They’re back! Thank goodness and very nicely decorated and refurbished too. I won’t spoil what they’ve been up to, but do go and see for yourself what the lovely people at the Phoenix have gone and done! To kick off the new autumn season we are served with a right cracker, The Party.
A richly dark social satire by Sally Potter moves in real time in the home (Islington, maybe?) of uber couple Janet (Kristen Scott Thomas) and Bill (Timothy Spall), who are hosting a small intimate gathering of friends to celebrate her promotion as Shadow Minister of Health. Bill, an acclaimed academic, however, is preoccupied and increasingly inebriated as he works through his old vinyl record collection, while Janet prepares food and takes calls from well-wishers.
Guests start to arrive, and a wonderfully eclectic liberal north London lot seem to be assembling. There is acerbic American, April (Patricia Clarkson) and her new age boyfriend Gottfried (Bruno Ganz); Martha (Cherry Jones) an academic colleague of Bill’s and her much younger heavily pregnant wife, Jinny (Emily Mortimer), and then a palpitating mass of turmoil that is Tom (Cillian Murphy) the ‘wanker banker’ arrives, rushing to snort coke in the bathroom and then assuring everybody with much perspiration that his lovely wife, Marianne, Janet’s assistant, is delayed but will arrive soon… or maybe by coffee!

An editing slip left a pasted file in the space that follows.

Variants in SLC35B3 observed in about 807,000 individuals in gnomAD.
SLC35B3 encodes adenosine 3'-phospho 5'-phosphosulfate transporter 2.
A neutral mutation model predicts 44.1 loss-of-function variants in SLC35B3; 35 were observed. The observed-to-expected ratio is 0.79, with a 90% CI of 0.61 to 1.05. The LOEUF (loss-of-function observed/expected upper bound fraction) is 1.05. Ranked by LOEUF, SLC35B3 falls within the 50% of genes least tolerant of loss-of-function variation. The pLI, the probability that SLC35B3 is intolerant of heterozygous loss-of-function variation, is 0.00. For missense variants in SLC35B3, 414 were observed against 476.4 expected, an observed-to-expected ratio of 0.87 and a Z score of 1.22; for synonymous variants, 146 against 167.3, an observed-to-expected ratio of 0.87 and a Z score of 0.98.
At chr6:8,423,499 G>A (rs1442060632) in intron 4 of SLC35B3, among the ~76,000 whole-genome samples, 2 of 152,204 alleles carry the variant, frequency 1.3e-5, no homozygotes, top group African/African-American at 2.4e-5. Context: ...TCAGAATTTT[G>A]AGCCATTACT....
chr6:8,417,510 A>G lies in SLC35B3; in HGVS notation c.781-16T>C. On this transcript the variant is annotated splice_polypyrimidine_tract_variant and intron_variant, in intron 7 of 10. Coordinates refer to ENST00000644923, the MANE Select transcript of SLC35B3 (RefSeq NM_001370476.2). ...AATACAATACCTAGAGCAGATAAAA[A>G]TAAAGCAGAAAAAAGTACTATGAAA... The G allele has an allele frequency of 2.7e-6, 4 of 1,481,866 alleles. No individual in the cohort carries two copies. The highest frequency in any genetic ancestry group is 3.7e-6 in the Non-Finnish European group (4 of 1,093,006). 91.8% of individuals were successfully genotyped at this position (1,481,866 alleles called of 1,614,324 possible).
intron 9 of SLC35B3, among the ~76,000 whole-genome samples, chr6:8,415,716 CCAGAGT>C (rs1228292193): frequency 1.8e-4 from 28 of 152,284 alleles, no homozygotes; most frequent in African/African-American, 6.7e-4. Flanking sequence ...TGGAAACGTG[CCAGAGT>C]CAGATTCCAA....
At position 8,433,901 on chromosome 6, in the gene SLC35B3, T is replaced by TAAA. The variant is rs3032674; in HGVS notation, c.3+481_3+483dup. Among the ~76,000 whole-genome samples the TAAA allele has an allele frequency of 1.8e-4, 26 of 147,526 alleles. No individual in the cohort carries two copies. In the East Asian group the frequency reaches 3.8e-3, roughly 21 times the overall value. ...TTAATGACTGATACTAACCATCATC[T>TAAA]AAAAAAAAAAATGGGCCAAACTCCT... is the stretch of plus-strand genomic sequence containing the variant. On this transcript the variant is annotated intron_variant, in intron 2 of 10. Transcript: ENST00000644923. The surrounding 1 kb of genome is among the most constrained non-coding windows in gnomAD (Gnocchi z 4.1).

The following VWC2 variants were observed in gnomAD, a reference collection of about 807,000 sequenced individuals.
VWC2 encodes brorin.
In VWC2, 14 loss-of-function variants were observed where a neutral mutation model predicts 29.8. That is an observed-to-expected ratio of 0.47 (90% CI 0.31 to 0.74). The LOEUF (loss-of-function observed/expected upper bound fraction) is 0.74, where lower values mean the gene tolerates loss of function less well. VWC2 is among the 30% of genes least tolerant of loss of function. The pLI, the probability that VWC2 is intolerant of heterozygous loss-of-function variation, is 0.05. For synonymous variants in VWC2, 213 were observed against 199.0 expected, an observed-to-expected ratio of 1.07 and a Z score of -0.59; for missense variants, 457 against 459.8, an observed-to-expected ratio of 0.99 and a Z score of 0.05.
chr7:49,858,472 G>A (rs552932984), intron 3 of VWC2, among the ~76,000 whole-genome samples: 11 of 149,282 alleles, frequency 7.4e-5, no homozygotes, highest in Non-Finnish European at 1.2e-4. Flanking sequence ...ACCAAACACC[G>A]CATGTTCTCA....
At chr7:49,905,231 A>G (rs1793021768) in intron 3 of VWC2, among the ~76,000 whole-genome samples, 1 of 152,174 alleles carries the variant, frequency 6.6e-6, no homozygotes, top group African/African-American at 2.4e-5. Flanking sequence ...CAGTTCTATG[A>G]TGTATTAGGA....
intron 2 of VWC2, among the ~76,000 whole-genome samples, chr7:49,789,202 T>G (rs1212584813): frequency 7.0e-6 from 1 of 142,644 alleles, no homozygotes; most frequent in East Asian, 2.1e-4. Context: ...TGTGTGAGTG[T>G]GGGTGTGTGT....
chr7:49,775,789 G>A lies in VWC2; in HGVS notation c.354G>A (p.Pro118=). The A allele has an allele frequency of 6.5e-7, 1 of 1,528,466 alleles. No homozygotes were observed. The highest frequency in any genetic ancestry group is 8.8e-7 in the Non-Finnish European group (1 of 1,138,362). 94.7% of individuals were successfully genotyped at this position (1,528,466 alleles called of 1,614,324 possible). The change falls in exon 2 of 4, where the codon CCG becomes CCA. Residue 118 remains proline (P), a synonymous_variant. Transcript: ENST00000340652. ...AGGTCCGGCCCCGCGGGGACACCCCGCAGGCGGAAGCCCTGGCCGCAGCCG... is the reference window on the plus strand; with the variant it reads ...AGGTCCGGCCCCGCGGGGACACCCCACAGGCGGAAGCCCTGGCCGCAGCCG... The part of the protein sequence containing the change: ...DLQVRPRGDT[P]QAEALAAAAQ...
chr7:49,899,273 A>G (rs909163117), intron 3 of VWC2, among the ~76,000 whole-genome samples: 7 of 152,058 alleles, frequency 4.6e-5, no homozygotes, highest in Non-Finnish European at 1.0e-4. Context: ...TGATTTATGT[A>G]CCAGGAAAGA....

Although all have seemingly come to praise Janet, each seems to be carrying their own dramatic news; seemingly everyone has secrets. Bill makes his own announcement, which is the catalyst for an escalation towards all-out confrontation; the canapes go up in smoke and the gathering of friends begins to unravel.
All of this wonderful fayre is crammed into a breakneck 71-minute, single act, black and white, ensemble piece throughout which Scott Thomas is in devastating form as she deals and then doesn’t, conceals and then reveals much ado about plenty!
It may be a view of the social elite, the political class, the insiders, but it shines a much needed light onto the human condition and our capacity to surprise one another. This ensemble are hilarious with belly laugh out loud moments (I’m sure the way I was laughing was a code violation), witty one-liners aplenty. The caustic and chaotic interplay is a joy to behold and this film zips along totally in tune and ends with a wonderful joke. A must see!